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Life of Johnson (Oxford World's Classics) Paperback – Unabridged, August 1, 2008
"My Father, the Pornographer" by Fang Lizhi
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About the Author
Pat Rogers is DeBartolo Professor in the Liberal Arts at the University of South Florida.
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Top Customer Reviews
Samuel Johnson was already an established man of letters, his period of greatest productivity behind him, when he met the itinerant Scottish laird-to-be James Boswell. A somewhat toadying social striver who had trouble living up to his high moral code, Boswell took to Johnson as a kind of rock upon which to build an edifice for life as it should be lived. Boswell's biography soaks up Johnson's conversation, casual and otherwise, as well as experiences shared by the two men. Through it all, Johnson emerges as a magnetic, vital, yet very human avatar for a worldly yet Christian life.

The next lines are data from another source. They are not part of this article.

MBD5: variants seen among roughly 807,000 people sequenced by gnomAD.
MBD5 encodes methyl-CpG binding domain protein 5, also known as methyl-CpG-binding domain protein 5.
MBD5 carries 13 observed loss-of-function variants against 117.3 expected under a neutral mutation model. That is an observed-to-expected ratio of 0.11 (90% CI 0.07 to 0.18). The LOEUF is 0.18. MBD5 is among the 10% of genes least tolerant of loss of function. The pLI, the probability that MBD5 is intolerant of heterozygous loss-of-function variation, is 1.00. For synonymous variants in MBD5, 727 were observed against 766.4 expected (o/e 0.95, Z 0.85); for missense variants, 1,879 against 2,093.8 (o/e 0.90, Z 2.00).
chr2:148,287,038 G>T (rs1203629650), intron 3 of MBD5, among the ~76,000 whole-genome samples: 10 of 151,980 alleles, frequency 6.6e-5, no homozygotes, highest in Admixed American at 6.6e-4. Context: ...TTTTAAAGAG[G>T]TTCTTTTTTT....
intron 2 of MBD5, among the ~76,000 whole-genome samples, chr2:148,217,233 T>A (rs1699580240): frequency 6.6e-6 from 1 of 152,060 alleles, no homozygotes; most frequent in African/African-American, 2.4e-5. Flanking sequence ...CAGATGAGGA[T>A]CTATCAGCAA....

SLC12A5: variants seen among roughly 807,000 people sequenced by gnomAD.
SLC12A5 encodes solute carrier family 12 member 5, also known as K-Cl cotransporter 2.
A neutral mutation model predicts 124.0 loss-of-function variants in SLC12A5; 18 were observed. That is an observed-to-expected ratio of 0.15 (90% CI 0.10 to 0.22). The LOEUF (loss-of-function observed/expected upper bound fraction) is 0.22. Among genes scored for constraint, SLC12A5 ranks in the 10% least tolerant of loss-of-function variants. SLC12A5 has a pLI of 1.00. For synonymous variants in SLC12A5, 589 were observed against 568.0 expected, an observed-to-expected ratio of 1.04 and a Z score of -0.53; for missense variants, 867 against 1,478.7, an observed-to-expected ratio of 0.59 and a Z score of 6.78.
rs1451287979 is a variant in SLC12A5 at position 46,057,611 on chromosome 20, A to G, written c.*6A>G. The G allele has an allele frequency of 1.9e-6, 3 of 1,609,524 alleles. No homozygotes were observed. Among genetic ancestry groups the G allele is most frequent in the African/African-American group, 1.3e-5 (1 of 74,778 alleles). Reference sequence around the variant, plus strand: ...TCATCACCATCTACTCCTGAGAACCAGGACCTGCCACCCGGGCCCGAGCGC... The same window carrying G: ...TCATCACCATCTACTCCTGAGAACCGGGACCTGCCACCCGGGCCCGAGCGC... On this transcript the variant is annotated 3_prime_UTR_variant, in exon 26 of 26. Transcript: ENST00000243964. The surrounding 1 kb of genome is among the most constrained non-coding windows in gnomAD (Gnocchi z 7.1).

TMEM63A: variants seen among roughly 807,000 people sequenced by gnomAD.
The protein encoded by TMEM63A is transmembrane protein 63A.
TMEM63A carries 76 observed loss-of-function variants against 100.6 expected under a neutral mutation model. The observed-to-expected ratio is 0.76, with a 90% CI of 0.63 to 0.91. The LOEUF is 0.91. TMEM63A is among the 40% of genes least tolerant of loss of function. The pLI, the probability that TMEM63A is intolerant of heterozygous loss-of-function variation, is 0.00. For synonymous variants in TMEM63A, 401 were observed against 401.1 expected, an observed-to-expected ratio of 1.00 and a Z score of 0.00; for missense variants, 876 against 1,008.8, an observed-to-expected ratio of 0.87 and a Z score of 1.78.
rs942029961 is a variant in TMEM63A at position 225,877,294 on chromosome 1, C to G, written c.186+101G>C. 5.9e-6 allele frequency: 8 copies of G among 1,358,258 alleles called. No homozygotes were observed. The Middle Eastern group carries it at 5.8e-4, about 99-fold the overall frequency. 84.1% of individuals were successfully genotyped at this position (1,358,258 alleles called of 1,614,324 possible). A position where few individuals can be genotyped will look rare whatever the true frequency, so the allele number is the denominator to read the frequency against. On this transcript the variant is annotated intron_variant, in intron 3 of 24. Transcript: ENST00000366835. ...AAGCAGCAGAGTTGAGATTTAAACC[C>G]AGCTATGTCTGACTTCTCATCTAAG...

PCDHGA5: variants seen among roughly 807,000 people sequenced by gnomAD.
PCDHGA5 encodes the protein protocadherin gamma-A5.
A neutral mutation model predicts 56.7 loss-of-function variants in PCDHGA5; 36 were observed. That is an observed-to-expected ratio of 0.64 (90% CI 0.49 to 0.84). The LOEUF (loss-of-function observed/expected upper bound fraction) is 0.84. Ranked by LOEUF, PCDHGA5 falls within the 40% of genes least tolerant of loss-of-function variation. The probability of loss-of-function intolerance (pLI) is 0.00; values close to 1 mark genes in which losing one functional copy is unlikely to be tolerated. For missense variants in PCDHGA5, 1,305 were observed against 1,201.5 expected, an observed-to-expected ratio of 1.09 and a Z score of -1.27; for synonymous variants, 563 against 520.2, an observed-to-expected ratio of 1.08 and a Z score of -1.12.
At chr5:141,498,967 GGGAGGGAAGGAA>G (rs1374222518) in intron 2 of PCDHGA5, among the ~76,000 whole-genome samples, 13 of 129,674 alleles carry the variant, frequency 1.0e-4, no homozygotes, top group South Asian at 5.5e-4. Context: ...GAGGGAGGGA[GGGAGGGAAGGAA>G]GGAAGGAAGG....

Never mind that neither man was all that, something Boswell quietly allows both in his own commentary and in some of the many quotes he offers from Johnson.
"Because a man cannot be right in all things, is he to be right in nothing?" Johnson asks. "Because a man sometimes gets drunk, it he therefore to steal?"
I can identify with this sense of ethical compromise. Decades ago I wrote my college thesis on this book, and for years felt guilty that I had used the abridged version. I never read the unabridged version, but for years carried one around like Sisyphus. Finally I read it, just finishing it today after over a month. It's a huge time investment, and often tedious. The abridged version, by contrast, is like a greatest-hits collection; you get Johnson's best quotes and the most vital episodes with Boswell.Read more ›